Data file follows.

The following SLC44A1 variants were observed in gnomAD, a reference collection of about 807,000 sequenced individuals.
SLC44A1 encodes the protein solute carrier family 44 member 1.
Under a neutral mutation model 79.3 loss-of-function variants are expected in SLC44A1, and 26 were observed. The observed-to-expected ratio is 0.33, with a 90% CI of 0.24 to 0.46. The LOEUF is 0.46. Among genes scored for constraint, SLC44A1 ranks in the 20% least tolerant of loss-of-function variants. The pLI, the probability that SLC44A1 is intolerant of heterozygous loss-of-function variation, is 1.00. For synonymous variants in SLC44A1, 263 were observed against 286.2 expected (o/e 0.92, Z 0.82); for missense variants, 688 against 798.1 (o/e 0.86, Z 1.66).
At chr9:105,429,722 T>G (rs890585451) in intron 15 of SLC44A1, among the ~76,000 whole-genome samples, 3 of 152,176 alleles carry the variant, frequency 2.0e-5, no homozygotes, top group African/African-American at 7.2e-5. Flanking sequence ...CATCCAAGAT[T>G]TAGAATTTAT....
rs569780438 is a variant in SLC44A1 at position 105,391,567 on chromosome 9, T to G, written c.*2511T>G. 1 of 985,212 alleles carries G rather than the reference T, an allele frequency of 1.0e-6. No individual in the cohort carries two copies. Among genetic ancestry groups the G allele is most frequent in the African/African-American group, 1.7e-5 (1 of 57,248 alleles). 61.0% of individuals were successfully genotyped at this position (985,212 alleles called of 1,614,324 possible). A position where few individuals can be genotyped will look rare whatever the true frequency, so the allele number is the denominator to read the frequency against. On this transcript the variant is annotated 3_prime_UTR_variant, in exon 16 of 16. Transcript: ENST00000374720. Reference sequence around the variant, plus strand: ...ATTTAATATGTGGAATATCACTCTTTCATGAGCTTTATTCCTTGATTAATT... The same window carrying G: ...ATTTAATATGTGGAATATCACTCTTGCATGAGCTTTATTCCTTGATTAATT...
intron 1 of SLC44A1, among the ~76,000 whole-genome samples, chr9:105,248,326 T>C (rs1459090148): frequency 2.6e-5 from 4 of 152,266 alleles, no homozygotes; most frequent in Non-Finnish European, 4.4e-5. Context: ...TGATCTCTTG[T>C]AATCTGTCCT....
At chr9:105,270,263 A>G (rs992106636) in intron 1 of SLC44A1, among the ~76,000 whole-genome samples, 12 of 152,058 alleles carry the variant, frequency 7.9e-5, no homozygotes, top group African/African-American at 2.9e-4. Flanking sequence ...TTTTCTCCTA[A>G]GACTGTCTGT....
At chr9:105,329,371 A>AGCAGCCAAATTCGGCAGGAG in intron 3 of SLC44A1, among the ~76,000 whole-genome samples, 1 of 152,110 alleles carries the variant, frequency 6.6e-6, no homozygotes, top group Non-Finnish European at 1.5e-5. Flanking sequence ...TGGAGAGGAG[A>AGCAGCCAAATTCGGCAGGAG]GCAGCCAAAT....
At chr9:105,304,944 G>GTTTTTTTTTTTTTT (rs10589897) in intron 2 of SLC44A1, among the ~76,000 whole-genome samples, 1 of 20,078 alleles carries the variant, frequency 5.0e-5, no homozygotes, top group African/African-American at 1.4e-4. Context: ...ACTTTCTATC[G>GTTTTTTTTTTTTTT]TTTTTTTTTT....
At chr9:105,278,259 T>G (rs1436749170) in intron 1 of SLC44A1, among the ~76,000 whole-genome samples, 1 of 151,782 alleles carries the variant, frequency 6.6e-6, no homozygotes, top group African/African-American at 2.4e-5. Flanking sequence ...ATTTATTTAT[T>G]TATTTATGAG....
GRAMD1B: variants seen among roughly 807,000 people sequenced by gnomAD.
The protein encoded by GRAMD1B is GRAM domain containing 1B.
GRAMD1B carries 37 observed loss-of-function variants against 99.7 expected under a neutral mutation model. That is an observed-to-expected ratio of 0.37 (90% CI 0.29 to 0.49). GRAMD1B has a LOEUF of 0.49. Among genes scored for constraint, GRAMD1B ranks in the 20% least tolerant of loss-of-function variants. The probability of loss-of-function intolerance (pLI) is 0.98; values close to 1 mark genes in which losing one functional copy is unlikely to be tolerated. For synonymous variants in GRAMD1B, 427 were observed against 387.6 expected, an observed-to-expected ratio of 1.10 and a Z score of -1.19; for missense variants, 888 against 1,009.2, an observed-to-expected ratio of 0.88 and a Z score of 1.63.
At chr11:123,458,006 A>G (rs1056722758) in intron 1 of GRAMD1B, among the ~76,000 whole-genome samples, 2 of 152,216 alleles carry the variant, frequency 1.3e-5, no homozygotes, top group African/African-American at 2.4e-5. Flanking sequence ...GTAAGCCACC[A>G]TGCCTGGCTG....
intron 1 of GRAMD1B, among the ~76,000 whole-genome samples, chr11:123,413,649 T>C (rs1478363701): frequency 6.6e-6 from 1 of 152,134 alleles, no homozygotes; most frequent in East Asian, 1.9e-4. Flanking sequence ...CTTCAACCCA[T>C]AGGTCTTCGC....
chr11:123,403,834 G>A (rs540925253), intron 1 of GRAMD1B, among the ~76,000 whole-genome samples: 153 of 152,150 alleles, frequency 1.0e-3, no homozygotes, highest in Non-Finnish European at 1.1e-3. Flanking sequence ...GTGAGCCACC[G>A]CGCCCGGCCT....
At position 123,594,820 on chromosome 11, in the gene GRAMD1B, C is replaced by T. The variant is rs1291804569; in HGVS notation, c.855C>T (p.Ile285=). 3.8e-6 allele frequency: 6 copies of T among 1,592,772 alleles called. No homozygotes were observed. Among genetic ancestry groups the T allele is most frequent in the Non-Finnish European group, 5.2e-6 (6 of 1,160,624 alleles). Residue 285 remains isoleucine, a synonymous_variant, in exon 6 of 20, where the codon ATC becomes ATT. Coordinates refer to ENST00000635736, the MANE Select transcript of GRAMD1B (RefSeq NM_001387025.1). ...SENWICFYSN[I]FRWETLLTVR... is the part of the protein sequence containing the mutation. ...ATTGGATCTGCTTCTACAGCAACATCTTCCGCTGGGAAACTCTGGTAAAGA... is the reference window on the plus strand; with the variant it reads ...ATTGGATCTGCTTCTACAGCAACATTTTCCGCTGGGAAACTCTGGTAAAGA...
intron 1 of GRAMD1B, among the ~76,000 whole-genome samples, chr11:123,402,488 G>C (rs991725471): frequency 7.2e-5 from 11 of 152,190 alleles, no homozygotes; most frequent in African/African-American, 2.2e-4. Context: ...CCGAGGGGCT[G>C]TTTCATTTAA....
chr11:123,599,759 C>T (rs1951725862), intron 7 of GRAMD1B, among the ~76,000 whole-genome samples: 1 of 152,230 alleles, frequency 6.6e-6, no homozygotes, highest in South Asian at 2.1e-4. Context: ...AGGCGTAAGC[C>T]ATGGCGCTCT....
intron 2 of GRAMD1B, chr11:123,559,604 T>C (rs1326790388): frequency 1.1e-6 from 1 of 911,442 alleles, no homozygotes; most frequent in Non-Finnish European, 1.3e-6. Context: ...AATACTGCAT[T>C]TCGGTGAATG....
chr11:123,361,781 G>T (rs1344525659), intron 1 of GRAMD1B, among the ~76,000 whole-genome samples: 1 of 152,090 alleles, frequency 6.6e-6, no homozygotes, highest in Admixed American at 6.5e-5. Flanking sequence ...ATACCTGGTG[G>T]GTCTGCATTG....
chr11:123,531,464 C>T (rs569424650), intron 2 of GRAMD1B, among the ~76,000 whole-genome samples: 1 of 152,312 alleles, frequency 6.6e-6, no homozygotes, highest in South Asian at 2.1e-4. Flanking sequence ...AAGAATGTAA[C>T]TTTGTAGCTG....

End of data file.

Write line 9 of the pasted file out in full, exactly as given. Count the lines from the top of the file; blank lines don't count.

At chr9:105,304,944 G>GTTTTTTTTTTTTTT (rs10589897) in intron 2 of SLC44A1, among the ~76,000 whole-genome samples, 1 of 20,078 alleles carries the variant, frequency 5.0e-5, no homozygotes, top group African/African-American at 1.4e-4. Context: ...ACTTTCTATC[G>GTTTTTTTTTTTTTT]TTTTTTTTTT....